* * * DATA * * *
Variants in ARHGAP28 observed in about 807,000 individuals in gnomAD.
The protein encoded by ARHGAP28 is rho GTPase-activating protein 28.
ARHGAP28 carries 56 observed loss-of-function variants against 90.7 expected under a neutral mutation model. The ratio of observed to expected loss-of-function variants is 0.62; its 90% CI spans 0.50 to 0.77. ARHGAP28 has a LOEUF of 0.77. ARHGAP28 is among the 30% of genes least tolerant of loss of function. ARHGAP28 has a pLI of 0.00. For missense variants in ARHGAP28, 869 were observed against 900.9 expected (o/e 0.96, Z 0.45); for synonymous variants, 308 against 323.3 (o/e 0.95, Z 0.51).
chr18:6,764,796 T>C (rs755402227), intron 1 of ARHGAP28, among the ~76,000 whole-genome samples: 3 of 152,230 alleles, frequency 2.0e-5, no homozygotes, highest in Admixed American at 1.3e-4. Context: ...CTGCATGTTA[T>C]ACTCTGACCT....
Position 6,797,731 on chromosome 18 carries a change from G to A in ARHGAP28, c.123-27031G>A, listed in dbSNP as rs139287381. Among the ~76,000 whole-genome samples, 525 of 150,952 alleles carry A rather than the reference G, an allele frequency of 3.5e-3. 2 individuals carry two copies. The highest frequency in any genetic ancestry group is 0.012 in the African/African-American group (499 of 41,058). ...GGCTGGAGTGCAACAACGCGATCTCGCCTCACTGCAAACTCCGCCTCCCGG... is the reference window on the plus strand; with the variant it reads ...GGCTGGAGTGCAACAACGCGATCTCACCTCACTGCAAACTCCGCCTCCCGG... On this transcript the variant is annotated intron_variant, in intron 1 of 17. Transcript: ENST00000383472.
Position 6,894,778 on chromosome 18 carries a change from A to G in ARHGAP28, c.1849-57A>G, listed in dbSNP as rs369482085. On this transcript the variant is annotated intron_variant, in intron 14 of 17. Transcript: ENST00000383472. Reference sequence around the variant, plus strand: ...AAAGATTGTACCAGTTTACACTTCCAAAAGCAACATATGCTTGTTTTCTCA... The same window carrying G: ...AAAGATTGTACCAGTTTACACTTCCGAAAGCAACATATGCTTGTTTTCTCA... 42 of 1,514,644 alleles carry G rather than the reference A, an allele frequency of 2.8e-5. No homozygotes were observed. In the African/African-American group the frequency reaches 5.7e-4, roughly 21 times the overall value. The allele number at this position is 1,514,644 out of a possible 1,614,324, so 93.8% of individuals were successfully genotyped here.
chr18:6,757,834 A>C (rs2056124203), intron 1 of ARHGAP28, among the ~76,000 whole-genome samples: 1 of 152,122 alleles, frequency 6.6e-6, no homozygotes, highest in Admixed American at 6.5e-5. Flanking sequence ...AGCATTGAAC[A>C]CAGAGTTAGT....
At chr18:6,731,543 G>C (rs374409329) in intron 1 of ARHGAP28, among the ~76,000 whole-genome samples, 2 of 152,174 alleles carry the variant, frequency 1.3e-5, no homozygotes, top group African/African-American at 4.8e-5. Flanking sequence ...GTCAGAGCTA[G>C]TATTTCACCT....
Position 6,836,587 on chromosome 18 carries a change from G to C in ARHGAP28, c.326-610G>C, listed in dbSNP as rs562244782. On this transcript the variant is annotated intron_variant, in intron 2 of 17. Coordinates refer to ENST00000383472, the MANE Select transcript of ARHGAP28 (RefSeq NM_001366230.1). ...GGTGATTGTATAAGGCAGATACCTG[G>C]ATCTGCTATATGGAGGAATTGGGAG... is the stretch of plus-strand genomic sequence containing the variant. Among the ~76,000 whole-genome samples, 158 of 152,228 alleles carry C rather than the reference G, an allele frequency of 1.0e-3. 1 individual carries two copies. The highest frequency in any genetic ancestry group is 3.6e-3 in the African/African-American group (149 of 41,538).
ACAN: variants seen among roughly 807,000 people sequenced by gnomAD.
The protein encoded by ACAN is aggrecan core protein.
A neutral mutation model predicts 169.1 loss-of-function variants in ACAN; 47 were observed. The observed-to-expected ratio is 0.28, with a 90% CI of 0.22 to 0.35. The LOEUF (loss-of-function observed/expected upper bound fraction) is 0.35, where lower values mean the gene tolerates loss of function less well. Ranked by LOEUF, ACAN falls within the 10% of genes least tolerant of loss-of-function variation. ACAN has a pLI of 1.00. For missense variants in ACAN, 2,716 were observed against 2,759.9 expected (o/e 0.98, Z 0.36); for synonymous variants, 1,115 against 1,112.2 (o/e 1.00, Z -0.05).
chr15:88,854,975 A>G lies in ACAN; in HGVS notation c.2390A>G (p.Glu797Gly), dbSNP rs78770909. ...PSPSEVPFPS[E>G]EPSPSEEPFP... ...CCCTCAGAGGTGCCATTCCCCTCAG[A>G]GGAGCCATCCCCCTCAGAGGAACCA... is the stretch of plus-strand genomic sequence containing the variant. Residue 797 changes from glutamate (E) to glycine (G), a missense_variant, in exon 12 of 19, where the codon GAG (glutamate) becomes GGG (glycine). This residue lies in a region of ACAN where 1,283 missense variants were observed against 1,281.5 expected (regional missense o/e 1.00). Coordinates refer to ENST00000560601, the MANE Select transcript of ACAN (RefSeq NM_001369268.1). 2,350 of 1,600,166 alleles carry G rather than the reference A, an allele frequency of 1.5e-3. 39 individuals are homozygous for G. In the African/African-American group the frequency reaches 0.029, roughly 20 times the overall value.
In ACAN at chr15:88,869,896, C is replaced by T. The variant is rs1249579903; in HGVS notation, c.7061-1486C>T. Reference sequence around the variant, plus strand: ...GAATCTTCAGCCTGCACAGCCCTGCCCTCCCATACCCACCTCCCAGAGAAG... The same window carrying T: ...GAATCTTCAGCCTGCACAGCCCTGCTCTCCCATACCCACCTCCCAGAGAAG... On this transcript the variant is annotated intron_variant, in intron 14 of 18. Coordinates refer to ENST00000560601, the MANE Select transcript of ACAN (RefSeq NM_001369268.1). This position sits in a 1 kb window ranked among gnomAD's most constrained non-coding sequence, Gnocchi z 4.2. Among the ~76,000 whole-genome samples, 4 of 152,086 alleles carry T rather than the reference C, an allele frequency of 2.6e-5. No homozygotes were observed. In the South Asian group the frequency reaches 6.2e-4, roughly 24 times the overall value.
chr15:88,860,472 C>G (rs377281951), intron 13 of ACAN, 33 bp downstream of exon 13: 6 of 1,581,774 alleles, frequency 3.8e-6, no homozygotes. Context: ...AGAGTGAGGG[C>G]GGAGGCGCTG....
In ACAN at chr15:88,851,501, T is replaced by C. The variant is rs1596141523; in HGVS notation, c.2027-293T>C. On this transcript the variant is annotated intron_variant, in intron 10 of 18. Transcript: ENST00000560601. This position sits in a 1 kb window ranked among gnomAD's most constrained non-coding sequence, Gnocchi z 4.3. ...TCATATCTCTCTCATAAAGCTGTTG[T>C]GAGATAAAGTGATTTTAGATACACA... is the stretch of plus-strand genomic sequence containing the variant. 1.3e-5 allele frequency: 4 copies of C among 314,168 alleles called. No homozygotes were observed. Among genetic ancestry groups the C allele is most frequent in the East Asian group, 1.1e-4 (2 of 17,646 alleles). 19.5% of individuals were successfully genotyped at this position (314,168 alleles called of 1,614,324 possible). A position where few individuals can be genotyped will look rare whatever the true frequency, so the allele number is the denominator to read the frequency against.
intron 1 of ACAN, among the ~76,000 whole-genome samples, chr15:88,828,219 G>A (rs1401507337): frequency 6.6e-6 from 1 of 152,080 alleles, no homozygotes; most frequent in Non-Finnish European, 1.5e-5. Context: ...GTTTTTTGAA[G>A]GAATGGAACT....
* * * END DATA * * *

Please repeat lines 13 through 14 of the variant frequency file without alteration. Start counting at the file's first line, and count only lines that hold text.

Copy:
chr15:88,854,975 A>G lies in ACAN; in HGVS notation c.2390A>G (p.Glu797Gly), dbSNP rs78770909. ...PSPSEVPFPS[E>G]EPSPSEEPFP... ...CCCTCAGAGGTGCCATTCCCCTCAG[A>G]GGAGCCATCCCCCTCAGAGGAACCA... is the stretch of plus-strand genomic sequence containing the variant. Residue 797 changes from glutamate (E) to glycine (G), a missense_variant, in exon 12 of 19, where the codon GAG (glutamate) becomes GGG (glycine). This residue lies in a region of ACAN where 1,283 missense variants were observed against 1,281.5 expected (regional missense o/e 1.00). Coordinates refer to ENST00000560601, the MANE Select transcript of ACAN (RefSeq NM_001369268.1). 2,350 of 1,600,166 alleles carry G rather than the reference A, an allele frequency of 1.5e-3. 39 individuals are homozygous for G. In the African/African-American group the frequency reaches 0.029, roughly 20 times the overall value.
In ACAN at chr15:88,869,896, C is replaced by T. The variant is rs1249579903; in HGVS notation, c.7061-1486C>T. Reference sequence around the variant, plus strand: ...GAATCTTCAGCCTGCACAGCCCTGCCCTCCCATACCCACCTCCCAGAGAAG... The same window carrying T: ...GAATCTTCAGCCTGCACAGCCCTGCTCTCCCATACCCACCTCCCAGAGAAG... On this transcript the variant is annotated intron_variant, in intron 14 of 18. Coordinates refer to ENST00000560601, the MANE Select transcript of ACAN (RefSeq NM_001369268.1). This position sits in a 1 kb window ranked among gnomAD's most constrained non-coding sequence, Gnocchi z 4.2. Among the ~76,000 whole-genome samples, 4 of 152,086 alleles carry T rather than the reference C, an allele frequency of 2.6e-5. No homozygotes were observed. In the South Asian group the frequency reaches 6.2e-4, roughly 24 times the overall value.